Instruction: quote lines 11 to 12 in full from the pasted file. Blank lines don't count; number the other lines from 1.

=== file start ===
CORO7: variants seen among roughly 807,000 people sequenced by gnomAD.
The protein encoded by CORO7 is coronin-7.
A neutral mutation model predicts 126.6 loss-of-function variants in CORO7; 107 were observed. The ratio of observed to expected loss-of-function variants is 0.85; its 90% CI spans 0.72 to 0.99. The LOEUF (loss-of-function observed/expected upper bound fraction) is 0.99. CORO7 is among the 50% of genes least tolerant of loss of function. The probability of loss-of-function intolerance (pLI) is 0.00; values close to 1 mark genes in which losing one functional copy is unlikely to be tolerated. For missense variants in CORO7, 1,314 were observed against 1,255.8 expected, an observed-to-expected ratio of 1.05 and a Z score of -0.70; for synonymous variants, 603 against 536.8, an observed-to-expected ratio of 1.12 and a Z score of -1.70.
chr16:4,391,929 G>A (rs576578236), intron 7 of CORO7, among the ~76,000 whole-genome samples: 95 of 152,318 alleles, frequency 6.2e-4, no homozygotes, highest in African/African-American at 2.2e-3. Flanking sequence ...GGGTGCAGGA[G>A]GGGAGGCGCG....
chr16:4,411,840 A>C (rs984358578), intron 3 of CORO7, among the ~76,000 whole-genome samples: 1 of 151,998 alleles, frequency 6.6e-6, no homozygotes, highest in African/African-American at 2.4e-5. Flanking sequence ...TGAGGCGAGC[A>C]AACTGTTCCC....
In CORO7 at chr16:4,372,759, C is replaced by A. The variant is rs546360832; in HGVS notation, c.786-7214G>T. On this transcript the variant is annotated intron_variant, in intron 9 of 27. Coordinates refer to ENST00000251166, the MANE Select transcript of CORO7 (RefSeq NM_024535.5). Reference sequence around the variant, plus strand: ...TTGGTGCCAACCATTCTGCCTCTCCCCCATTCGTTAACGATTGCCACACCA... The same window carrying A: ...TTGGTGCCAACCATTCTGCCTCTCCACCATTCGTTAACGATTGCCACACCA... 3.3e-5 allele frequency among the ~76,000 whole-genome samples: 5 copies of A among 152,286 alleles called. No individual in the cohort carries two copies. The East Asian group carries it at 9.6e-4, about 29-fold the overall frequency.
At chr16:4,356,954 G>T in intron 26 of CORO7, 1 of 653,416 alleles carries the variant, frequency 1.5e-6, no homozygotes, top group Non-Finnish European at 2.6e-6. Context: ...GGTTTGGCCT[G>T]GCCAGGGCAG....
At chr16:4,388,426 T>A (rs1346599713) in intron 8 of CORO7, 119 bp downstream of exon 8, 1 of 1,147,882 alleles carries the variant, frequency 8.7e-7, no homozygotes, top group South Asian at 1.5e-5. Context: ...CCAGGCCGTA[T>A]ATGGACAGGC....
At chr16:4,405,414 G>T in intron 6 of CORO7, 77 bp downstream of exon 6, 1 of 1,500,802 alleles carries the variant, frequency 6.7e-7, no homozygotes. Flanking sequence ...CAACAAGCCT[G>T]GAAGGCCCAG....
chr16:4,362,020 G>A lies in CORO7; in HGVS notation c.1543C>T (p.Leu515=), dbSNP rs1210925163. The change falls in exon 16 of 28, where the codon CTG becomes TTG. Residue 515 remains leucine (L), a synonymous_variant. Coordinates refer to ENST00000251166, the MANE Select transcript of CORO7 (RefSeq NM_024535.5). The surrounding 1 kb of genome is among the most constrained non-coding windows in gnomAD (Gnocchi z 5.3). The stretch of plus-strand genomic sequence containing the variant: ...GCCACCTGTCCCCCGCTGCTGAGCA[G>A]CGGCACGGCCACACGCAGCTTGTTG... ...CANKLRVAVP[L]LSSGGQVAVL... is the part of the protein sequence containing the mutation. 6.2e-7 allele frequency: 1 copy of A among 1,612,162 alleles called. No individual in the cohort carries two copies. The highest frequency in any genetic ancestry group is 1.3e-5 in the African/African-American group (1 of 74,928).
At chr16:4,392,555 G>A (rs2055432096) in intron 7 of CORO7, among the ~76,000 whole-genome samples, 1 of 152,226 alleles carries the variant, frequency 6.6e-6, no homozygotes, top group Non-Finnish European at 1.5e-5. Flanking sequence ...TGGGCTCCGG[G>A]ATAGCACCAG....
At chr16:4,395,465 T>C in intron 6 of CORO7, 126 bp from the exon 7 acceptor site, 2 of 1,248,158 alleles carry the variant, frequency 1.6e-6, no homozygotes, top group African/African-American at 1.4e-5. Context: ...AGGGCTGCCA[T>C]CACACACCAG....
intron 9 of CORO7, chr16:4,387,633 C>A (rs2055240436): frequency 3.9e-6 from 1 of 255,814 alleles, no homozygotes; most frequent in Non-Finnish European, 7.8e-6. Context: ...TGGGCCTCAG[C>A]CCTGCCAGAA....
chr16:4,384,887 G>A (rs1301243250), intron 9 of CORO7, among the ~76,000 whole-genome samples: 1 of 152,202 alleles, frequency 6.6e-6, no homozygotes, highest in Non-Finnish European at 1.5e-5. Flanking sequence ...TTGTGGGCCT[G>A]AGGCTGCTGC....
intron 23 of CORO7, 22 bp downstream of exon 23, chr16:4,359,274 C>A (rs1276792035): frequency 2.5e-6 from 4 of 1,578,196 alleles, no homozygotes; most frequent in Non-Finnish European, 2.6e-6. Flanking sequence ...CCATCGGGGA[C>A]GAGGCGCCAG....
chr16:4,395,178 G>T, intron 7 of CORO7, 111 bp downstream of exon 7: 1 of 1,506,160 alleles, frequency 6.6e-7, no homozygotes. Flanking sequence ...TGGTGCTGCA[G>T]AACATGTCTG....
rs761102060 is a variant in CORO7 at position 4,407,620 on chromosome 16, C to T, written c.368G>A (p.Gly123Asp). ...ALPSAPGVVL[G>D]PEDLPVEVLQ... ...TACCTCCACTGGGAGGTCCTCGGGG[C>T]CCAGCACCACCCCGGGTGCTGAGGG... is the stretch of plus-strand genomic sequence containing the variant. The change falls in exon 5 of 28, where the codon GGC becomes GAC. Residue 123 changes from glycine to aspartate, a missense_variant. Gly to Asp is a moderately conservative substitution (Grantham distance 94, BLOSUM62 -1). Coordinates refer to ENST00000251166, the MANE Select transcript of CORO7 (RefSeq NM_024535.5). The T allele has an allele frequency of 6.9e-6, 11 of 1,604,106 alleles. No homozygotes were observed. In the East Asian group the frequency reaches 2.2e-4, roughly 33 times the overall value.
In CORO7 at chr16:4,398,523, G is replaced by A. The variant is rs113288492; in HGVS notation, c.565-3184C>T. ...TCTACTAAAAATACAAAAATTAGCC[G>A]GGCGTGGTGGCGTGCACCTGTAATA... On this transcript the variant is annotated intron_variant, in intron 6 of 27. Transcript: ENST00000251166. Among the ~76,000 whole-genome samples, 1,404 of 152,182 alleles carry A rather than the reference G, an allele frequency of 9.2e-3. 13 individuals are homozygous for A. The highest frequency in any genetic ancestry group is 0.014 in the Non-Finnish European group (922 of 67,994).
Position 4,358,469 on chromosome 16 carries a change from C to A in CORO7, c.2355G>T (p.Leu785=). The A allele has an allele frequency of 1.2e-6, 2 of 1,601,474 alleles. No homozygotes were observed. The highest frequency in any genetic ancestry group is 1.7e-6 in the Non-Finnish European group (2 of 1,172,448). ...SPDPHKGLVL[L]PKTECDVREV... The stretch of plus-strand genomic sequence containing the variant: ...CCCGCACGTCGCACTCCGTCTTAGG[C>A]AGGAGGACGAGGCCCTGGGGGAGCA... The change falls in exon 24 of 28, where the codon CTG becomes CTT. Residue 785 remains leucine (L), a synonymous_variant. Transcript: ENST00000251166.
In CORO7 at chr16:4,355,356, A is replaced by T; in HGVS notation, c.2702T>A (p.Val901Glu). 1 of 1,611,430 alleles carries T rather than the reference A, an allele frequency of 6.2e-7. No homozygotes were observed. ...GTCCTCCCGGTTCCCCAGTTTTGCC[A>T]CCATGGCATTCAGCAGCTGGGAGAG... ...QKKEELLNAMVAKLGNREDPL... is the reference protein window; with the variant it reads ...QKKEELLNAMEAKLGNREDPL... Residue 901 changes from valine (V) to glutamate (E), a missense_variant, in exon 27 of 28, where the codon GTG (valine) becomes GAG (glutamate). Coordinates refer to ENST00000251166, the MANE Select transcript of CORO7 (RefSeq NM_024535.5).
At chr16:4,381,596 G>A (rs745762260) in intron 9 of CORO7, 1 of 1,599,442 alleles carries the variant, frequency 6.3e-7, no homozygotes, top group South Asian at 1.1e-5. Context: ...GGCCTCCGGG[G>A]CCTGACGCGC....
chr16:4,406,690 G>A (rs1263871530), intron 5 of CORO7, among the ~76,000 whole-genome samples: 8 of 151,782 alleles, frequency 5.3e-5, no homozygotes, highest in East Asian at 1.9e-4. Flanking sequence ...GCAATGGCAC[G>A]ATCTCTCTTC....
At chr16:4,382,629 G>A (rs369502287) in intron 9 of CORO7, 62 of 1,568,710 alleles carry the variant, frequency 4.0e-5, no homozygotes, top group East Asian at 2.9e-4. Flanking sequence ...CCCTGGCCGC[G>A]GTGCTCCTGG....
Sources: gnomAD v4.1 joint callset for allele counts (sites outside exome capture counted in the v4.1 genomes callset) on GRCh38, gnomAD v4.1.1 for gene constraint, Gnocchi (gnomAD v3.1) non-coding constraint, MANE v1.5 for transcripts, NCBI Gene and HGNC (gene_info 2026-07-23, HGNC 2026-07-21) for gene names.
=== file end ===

At chr16:4,392,555 G>A (rs2055432096) in intron 7 of CORO7, among the ~76,000 whole-genome samples, 1 of 152,226 alleles carries the variant, frequency 6.6e-6, no homozygotes, top group Non-Finnish European at 1.5e-5. Flanking sequence ...TGGGCTCCGG[G>A]ATAGCACCAG....
At chr16:4,395,465 T>C in intron 6 of CORO7, 126 bp from the exon 7 acceptor site, 2 of 1,248,158 alleles carry the variant, frequency 1.6e-6, no homozygotes, top group African/African-American at 1.4e-5. Context: ...AGGGCTGCCA[T>C]CACACACCAG....